The program David Hallberg has curated for his company’s return to its home theatres, Sydney Opera House and Arts Centre Melbourne, is an homage to New York, the city he lived in and loved for two decades and one of the world’s great dance centres. Two works by the great innovator George Balanchine sit side by side with a brand-new work by an innovator of today, the New Yok-based contemporary choreographer Pam Tanowitz. Here’s why you won’t want to miss this jolt of creative energy.
BALLET IS BACK
During the enforced hiatus of 2020, our dancers and staff were working hard behind the scenes to ensure a seamless, stronger-than-ever return to the stage. Despite its difficulties, many of our artists have spoken of their time in COVID-19 lockdown as a period of reflection that reaffirmed their vital connection to our art form and the sheer joy of dancing and performing. And we know that you, our audience members, have been similarly longing to immerse yourself in the unique exchange between stage and auditorium. Real-life ballet! Those of you who attended our Summertime at the Ballet performances in February know there is no thrill like hearing the orchestra tune up and seeing the dancers step out on the stage. Be there when the fabled Sydney Opera House welcomes us back – it’s an historic moment.Amy Harris rehearsing Serenade. Choreography George Balanchine © The George Balanchine Trust. Photography Christopher Rodgers-Wilson
The variety in this program will spice up your life. We have two very distinct modes of Balanchine: Serenade is the choreographer at his most lyrical, and pays homage to his Russian past with its Tchaikovsky score and whirling lines of long Romantic tutus. The Four Temperaments represents his phase of stripped-back modernity: just leotards, tights and the primacy of the line. Playing with and against Balanchine is Pam Tanowitz's Watermark, both partially inspired by Serenade, a ballet she loves, and a complete change of pace, with unisex costumes and a contemporary vocabulary.Brett Chynoweth. Choreography George Balanchine © The George Balanchine Trust. Photography Pierre Toussaint
A WORLD PREMIERE
Pam Tanowitz's Watermark comes to us in a flurry of firsts: it's a brand-new work; the first time Tanowitz' acclaimed contemporary choreography has been seen in Australia; and the first commission by our Artistic Director David Hallberg for The Australian Ballet. No time like the first time - and no buzz like the one surrounding a world premiere. Did we mention it's our first time back in Sydney Opera House?Adam Elmes rehearsing Watermark. Photography Lynette Wills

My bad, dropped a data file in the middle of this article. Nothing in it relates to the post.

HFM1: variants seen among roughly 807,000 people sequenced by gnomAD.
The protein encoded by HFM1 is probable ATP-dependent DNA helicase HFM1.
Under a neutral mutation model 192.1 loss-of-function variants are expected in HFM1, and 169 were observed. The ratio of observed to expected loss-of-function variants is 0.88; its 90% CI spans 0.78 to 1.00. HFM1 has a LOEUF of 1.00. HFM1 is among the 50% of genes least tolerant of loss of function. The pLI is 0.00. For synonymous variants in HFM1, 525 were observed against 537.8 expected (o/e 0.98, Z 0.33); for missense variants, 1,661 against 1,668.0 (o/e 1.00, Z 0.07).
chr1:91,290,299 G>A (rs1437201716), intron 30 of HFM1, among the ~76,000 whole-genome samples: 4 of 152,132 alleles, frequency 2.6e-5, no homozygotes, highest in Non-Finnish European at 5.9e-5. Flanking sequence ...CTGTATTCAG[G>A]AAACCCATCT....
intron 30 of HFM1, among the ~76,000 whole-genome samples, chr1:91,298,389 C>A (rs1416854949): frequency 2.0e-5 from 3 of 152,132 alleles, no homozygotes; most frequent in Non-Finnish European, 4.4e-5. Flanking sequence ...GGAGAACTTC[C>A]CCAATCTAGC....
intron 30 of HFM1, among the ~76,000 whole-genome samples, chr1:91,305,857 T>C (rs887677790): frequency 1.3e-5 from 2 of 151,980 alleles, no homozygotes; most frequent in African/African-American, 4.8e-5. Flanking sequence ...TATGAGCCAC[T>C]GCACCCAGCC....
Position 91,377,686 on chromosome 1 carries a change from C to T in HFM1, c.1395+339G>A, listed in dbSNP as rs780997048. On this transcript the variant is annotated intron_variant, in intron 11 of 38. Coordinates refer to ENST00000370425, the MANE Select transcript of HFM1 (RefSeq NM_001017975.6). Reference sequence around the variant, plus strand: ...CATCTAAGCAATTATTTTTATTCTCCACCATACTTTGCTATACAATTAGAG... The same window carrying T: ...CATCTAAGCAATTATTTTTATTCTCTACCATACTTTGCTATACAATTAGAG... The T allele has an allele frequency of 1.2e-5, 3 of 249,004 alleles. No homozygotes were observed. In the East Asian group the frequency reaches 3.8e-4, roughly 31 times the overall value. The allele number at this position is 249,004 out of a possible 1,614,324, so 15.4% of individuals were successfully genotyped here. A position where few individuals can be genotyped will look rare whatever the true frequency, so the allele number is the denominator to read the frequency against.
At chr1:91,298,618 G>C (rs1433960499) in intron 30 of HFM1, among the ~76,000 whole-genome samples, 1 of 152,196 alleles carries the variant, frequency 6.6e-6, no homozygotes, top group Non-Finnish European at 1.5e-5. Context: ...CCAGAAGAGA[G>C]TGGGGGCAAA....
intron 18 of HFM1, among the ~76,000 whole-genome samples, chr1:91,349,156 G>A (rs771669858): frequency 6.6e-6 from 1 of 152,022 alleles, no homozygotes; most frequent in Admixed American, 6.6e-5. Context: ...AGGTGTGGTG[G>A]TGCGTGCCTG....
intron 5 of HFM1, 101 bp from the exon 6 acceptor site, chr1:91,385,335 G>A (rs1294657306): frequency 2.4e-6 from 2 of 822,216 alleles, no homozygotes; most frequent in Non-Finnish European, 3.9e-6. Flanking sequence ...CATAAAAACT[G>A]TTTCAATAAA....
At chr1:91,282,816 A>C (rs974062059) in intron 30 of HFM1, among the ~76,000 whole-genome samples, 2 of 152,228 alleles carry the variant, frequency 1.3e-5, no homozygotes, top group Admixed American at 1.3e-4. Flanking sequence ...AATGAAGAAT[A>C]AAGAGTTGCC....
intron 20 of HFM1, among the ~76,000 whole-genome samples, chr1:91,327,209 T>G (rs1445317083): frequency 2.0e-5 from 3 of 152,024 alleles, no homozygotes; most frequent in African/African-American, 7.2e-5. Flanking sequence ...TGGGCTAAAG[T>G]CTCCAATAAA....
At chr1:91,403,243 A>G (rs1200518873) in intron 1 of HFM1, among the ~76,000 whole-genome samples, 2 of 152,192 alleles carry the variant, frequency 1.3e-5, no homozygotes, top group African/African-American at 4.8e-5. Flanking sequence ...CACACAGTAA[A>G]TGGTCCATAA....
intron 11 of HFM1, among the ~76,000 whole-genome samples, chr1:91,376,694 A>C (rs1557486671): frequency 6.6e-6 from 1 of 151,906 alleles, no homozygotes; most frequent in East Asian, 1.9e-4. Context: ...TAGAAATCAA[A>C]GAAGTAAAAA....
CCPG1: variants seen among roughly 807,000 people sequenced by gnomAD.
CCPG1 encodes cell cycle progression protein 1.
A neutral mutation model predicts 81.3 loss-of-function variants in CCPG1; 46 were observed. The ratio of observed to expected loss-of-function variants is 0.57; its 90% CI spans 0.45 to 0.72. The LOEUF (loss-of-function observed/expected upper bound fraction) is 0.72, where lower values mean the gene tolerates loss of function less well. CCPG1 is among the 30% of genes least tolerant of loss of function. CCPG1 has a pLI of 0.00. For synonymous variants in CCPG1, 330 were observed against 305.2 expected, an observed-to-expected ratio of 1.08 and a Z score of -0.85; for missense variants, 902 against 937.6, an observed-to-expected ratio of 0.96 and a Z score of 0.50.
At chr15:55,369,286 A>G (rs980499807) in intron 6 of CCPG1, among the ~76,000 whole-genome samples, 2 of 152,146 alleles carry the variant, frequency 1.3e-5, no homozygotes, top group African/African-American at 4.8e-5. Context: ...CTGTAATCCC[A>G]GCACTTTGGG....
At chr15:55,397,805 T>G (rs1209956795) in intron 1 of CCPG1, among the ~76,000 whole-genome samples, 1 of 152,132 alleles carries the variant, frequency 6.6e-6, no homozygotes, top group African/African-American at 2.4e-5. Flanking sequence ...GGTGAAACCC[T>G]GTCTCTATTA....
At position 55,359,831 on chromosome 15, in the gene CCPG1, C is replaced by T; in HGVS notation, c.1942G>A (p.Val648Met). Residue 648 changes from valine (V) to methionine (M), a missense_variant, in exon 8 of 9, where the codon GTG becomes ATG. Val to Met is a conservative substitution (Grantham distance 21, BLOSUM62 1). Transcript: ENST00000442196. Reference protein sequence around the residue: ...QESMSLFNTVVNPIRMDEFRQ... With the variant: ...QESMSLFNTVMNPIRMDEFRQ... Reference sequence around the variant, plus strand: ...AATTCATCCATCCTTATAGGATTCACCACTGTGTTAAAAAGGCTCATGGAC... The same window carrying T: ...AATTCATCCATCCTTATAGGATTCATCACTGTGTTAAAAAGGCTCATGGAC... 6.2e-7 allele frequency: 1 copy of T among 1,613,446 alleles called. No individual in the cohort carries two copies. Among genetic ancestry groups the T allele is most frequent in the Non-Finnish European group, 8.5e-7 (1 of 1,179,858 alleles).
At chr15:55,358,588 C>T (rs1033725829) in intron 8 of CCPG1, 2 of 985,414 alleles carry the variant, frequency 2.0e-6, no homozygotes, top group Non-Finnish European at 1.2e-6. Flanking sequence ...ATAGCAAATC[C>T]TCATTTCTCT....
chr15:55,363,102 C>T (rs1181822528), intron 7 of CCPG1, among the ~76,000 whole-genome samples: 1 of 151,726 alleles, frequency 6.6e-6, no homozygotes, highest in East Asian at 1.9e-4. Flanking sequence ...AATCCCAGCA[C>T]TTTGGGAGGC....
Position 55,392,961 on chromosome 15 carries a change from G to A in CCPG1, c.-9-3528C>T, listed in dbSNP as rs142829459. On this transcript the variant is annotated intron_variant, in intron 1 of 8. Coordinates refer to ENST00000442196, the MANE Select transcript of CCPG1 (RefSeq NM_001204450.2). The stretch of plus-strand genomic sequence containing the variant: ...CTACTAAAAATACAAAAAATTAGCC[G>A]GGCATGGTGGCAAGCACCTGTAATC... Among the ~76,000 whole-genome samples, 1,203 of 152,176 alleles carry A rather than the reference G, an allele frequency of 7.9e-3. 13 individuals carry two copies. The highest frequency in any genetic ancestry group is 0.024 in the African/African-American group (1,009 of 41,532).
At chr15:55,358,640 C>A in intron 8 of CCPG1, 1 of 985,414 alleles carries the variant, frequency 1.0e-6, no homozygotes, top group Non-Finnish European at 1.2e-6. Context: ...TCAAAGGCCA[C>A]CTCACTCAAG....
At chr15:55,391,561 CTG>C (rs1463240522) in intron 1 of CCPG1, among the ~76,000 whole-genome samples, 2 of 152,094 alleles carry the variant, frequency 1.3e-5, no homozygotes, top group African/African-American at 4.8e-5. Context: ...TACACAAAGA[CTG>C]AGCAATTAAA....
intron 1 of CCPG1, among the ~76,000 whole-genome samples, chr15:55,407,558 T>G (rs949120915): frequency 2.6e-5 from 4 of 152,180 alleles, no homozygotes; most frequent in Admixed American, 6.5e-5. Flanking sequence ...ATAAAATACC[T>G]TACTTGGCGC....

If you've never seen Balanchine before, this is the perfect primer. Two of his most long-lived and lauded works, each of which has been danced and discussed for over half a century, and each of which looks just as fresh today. Both have been taught to the company by world-renowned Balanchine repetiteurs - Sandra Jennings and Victoria Simon - who worked directly with the master. Balanchine lives in the idiosyncratic detail. Watch out for the turned-in feet, bent arms and off-balance poses in The Four Temperaments; even in the more classical Serenade, his characeristic speed, expansive travelling and expressive arms are on glorious display.Ako Kondo. Choreography George Balanchine © The George Balanchine Trust. Photography Pierre Toussaint
Three ballets means three scores. And not just any scores: music by masters old and new. Where else to start but with Tchaikovsky? His Serenade for Strings in C Major is the majestic and lyrical framework for the clarity of Balanchine's language in Serenade. The score for The Four Temperaments, by the renowned German composer Paul Hindemith, was commissioned by Balanchine as an entertainment at musical salons he gave for his friends. It was only years later that he came to set a ballet to it. The medieval concept of the four temperaments that exist in various degrees in the human body, influencing personality, was only a starting point for both composer and choreographer. Hindemith's score departs from it into soaring, frenetic and angular terrain.
Watermark is by the contemporary American composer Caroline Shaw, the youngest person ever to win the Pulitzer Prize. Her piano concerto Watermark uses Beethoven's Third Piano Concerto as a starting point, weaving in playful references to its structure, instrumentation and cadences into her own work. She says, "I love it when familiar things pop out unexpectedly and then morph into something unfamiliar. It feels like the way dreams work, or flashbacks in cinema, or Dalí's melting clocks."Brett Chynoweth. Choreography George Balanchine © The George Balanchine Trust. Photography Pierre Toussaint